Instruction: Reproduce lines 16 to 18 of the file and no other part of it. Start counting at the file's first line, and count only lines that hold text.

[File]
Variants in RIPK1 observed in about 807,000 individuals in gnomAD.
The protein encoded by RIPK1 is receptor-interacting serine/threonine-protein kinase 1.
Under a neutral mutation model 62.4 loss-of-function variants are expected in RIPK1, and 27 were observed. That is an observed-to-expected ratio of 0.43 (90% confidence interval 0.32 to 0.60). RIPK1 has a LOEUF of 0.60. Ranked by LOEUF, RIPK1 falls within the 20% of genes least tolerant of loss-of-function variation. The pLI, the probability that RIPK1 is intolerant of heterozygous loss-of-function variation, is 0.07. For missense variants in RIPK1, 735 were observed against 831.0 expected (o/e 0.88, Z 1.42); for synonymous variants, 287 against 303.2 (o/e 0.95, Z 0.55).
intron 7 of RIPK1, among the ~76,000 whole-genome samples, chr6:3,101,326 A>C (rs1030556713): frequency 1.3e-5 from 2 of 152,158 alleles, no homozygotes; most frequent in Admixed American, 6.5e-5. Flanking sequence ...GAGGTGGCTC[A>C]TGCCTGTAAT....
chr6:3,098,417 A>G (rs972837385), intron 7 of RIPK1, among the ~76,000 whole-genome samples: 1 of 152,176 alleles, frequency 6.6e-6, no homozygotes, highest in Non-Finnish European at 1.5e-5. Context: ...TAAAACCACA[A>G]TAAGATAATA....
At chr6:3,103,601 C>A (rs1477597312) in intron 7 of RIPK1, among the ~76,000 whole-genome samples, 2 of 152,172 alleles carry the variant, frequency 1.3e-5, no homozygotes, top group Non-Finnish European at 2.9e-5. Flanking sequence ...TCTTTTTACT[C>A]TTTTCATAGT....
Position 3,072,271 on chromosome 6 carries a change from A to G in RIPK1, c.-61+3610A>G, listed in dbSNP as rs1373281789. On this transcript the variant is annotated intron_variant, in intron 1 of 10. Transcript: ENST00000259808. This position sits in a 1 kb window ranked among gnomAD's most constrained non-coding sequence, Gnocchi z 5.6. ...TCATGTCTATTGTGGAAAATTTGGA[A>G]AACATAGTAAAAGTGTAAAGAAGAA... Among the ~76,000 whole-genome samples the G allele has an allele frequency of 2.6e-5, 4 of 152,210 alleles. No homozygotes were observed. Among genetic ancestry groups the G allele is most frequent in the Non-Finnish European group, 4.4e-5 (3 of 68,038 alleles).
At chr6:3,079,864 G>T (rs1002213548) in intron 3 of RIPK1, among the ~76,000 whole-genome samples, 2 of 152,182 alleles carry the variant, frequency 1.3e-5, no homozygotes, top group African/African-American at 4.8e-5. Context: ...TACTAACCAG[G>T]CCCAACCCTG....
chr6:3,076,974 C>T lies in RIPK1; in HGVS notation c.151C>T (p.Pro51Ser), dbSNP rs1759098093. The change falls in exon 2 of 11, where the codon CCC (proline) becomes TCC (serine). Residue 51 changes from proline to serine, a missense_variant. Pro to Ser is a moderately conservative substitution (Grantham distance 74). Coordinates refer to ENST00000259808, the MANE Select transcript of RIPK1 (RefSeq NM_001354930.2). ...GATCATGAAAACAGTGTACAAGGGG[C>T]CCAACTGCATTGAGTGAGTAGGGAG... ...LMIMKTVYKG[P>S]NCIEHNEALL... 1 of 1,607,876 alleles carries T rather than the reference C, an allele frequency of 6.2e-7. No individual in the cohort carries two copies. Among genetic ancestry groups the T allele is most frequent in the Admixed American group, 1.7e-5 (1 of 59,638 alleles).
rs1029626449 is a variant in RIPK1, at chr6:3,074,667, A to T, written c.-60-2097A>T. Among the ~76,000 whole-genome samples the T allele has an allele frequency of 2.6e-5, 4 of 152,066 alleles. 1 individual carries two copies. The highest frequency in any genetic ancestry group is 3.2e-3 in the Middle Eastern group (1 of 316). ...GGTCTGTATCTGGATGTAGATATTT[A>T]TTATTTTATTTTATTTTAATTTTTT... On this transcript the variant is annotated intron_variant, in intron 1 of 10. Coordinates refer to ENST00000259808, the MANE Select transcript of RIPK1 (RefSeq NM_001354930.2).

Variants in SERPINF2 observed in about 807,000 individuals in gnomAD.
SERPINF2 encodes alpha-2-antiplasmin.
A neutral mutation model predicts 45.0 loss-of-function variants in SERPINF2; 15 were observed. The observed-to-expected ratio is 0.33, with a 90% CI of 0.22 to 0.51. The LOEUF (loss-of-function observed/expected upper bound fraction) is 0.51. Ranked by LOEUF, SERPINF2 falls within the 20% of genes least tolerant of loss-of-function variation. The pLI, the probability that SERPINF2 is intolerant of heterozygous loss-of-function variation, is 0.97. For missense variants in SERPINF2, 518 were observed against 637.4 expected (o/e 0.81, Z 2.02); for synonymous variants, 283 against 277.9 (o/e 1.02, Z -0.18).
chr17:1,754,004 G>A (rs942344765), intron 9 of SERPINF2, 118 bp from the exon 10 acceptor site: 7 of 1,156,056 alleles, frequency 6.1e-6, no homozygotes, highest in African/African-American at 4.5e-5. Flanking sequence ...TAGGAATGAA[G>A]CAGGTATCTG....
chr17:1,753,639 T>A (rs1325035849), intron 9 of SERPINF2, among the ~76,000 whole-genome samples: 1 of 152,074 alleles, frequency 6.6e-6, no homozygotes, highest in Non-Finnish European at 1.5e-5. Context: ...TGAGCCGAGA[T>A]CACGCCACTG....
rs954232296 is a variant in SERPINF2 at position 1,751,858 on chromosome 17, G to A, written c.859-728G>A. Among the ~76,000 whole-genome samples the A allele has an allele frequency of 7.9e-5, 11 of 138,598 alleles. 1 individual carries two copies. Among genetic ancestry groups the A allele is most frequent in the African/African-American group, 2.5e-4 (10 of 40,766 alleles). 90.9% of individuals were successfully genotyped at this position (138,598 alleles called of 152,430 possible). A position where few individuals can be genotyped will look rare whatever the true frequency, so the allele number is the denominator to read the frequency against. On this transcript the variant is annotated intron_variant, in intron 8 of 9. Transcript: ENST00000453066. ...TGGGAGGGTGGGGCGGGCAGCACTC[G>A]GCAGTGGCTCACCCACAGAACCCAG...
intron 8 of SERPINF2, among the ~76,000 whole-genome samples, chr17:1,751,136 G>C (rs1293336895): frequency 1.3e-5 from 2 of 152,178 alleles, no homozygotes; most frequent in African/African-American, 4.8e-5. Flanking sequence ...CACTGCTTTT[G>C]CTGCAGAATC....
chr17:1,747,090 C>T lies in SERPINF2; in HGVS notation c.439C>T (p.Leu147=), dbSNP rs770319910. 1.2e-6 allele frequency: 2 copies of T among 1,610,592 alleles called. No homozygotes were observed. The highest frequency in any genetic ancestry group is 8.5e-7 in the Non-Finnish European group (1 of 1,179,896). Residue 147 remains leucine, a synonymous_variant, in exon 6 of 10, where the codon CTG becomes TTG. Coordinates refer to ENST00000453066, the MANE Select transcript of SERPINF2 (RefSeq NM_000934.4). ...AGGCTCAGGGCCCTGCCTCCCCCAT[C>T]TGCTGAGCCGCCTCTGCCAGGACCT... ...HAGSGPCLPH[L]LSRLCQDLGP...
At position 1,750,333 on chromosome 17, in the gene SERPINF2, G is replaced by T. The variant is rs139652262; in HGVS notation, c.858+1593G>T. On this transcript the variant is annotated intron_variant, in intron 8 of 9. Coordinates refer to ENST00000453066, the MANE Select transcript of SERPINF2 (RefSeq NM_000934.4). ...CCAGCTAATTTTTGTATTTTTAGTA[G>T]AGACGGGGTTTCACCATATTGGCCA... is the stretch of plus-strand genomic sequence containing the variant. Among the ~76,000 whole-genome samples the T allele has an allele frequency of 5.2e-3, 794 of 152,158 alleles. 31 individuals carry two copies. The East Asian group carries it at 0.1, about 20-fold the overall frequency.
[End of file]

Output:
rs954232296 is a variant in SERPINF2 at position 1,751,858 on chromosome 17, G to A, written c.859-728G>A. Among the ~76,000 whole-genome samples the A allele has an allele frequency of 7.9e-5, 11 of 138,598 alleles. 1 individual carries two copies. Among genetic ancestry groups the A allele is most frequent in the African/African-American group, 2.5e-4 (10 of 40,766 alleles). 90.9% of individuals were successfully genotyped at this position (138,598 alleles called of 152,430 possible). A position where few individuals can be genotyped will look rare whatever the true frequency, so the allele number is the denominator to read the frequency against. On this transcript the variant is annotated intron_variant, in intron 8 of 9. Transcript: ENST00000453066. ...TGGGAGGGTGGGGCGGGCAGCACTC[G>A]GCAGTGGCTCACCCACAGAACCCAG...
intron 8 of SERPINF2, among the ~76,000 whole-genome samples, chr17:1,751,136 G>C (rs1293336895): frequency 1.3e-5 from 2 of 152,178 alleles, no homozygotes; most frequent in African/African-American, 4.8e-5. Flanking sequence ...CACTGCTTTT[G>C]CTGCAGAATC....
chr17:1,747,090 C>T lies in SERPINF2; in HGVS notation c.439C>T (p.Leu147=), dbSNP rs770319910. 1.2e-6 allele frequency: 2 copies of T among 1,610,592 alleles called. No homozygotes were observed. The highest frequency in any genetic ancestry group is 8.5e-7 in the Non-Finnish European group (1 of 1,179,896). Residue 147 remains leucine, a synonymous_variant, in exon 6 of 10, where the codon CTG becomes TTG. Coordinates refer to ENST00000453066, the MANE Select transcript of SERPINF2 (RefSeq NM_000934.4). ...AGGCTCAGGGCCCTGCCTCCCCCAT[C>T]TGCTGAGCCGCCTCTGCCAGGACCT... ...HAGSGPCLPH[L]LSRLCQDLGP...